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Phylogeographic structure, outbreeding depression, and reluctant virgin oviposition in the bean thrips, Caliothrips fasciatus (Pergande) (Thysanoptera: Thripidae), in California

Published online by Cambridge University Press:  07 June 2012

P.F. Rugman-Jones*
Department of Entomology, University of California, Riverside, CA 92521, USA Center for Invasive Species Research, University of California, Riverside CA 92521, USA
M.S. Hoddle
Department of Entomology, University of California, Riverside, CA 92521, USA Center for Invasive Species Research, University of California, Riverside CA 92521, USA
R. Amrich
Department of Entomology, University of California, Riverside, CA 92521, USA
J.M. Heraty
Department of Entomology, University of California, Riverside, CA 92521, USA
C.E. Stouthamer-Ingel
Department of Entomology, University of California, Riverside, CA 92521, USA
R. Stouthamer
Department of Entomology, University of California, Riverside, CA 92521, USA Center for Invasive Species Research, University of California, Riverside CA 92521, USA
*Author for correspondence Fax:951-827-3086 E-mail:


Bean thrips, Caliothrips fasciatus, is native to western North America. Once considered a pest of several crops in its native area, its pest status has waned over recent decades. However, due to its habit of aggregating in the navel of navel oranges, bean thrips remains economically important because some countries importing oranges from California have designated it a quarantine pest. Despite continued propagule pressure, bean thrips has never established outside North America. We examined genetic variation in mitochondrial DNA among Californian populations of C. fasciatus and found that potentially two cryptic species are present (supported by Kimura 2-P distances): a common widespread form B and a rarer form A with a very limited distribution. Form B showed strong phylogeographic structure, with many haplotypes having a limited geographic distribution. Inter-population crossing experiments between three geographically isolated populations of form B resulted in the production of some female offspring, indicating a degree of compatibility between these populations of this haplodiploid species. However, substantial outbreeding depression was also detected. A low frequency of offspring production by hetero-population pairs was evidence of pre-mating isolation, while post-mating isolation was also evident in the elevated mortality of fertilized eggs in successful hetero-population crosses. One surprising finding was the total lack of offspring production by virgin females when isolated individually. However, virgin females did produce sons in the presence of other virgin females. A test for the presence of Wolbachia showed that form B was not infected, but that some populations of the rarer form A were.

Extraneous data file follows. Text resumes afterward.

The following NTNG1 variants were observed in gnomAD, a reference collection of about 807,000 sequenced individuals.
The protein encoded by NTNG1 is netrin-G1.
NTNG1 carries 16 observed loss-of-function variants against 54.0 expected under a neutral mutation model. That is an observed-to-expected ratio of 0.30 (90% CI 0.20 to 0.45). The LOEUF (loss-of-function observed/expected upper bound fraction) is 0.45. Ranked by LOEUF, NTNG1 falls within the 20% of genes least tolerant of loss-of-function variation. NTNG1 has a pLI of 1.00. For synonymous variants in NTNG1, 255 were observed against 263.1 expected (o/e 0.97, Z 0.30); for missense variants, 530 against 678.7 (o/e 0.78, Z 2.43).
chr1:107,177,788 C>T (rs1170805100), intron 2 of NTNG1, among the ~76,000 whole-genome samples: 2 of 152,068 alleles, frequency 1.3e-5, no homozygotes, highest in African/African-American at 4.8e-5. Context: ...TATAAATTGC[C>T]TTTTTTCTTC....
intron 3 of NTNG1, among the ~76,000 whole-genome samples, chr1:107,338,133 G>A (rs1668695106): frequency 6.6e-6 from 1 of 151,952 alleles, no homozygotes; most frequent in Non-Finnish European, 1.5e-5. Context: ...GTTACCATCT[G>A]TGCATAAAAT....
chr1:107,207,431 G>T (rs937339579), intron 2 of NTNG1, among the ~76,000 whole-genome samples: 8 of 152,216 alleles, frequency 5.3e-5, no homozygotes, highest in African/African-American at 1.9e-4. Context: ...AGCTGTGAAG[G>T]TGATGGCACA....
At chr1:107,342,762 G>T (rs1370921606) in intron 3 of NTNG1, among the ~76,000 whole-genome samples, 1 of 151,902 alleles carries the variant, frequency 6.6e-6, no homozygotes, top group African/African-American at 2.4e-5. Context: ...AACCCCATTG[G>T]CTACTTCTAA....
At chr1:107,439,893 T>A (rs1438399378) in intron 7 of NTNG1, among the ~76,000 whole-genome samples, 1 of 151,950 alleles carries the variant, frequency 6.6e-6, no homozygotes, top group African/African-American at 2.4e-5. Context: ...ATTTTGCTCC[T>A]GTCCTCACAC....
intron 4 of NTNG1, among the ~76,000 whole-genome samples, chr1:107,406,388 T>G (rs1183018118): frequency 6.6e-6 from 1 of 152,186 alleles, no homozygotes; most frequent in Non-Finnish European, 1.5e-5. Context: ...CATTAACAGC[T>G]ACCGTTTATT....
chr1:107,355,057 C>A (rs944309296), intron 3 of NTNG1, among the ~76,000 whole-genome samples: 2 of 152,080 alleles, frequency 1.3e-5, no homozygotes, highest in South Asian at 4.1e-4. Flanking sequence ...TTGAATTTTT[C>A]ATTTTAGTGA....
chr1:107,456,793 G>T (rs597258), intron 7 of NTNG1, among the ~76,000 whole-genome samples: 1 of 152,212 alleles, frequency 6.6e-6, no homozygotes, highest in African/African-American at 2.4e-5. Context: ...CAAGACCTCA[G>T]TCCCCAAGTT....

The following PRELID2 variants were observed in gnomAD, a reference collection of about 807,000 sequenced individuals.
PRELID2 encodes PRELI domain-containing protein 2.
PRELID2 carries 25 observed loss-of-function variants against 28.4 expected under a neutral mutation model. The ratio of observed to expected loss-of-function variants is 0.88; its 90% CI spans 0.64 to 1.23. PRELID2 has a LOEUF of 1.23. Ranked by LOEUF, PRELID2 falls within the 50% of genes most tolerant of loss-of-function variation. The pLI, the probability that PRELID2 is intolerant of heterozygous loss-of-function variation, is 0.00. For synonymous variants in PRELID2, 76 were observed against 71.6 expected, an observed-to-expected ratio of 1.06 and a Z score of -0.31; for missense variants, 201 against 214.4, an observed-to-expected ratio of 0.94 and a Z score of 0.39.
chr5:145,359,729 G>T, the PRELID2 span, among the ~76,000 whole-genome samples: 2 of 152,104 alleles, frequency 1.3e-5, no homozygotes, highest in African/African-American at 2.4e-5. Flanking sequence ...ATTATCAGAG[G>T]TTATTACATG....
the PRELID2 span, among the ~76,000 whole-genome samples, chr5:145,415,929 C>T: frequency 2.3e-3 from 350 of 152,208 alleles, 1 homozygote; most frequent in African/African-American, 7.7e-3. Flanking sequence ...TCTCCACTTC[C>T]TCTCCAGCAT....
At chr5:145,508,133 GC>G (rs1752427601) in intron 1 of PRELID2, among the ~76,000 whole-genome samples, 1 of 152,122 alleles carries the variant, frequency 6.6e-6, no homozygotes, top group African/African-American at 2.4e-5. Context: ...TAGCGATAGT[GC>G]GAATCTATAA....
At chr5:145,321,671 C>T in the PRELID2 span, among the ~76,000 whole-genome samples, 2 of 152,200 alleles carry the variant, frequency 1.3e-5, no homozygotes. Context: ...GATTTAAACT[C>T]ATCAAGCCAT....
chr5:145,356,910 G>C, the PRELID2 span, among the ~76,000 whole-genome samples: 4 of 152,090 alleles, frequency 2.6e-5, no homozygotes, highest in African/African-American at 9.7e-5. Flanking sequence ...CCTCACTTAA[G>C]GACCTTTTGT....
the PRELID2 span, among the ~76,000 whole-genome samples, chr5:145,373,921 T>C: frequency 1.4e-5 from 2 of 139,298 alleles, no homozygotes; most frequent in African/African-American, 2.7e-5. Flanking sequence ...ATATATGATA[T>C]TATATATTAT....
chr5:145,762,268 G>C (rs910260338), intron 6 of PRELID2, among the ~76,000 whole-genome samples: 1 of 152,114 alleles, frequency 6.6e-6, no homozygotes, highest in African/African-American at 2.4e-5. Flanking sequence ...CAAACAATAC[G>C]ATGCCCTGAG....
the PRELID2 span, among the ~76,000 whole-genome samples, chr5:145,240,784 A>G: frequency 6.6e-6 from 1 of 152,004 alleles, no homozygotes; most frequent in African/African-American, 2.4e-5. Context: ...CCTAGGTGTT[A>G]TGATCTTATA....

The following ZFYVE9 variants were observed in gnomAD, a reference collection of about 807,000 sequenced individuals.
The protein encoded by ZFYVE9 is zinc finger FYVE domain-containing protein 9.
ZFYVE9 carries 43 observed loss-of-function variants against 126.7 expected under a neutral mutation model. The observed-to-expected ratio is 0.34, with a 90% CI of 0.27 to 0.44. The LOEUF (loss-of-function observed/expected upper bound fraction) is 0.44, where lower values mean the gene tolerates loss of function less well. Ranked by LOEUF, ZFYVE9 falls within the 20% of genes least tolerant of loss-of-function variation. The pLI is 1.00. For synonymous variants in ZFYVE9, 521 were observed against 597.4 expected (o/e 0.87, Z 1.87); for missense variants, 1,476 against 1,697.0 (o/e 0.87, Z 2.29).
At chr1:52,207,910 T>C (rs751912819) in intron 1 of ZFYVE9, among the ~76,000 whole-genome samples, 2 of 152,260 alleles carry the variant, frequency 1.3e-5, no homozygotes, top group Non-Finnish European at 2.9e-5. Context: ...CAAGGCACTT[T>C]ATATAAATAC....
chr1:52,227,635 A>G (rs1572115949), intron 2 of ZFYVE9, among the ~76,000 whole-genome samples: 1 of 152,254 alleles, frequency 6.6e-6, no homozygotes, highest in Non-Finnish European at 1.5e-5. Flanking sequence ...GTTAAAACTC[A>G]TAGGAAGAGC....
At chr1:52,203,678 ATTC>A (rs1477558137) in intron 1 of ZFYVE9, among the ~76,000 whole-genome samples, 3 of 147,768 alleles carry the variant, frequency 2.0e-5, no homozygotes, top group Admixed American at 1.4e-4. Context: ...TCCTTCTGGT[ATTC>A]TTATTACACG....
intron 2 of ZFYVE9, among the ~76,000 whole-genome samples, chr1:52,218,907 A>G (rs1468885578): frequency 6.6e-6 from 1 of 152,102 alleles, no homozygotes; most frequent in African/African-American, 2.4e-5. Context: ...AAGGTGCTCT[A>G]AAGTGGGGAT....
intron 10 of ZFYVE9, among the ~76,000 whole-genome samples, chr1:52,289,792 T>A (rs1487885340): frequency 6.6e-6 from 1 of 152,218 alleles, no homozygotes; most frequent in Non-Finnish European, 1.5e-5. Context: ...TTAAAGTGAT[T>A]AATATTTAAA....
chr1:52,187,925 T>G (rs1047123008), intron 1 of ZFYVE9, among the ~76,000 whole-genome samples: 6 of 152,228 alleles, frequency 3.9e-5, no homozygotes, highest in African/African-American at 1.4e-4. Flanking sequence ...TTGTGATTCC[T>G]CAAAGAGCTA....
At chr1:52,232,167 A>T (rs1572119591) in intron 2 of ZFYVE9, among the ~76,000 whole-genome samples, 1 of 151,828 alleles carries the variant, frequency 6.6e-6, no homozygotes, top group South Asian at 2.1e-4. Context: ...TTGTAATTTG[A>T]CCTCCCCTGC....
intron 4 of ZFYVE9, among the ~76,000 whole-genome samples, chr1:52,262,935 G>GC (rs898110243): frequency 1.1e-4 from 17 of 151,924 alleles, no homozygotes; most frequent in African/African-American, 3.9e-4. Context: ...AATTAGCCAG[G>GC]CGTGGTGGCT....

Research Paper
Copyright © Cambridge University Press 2012

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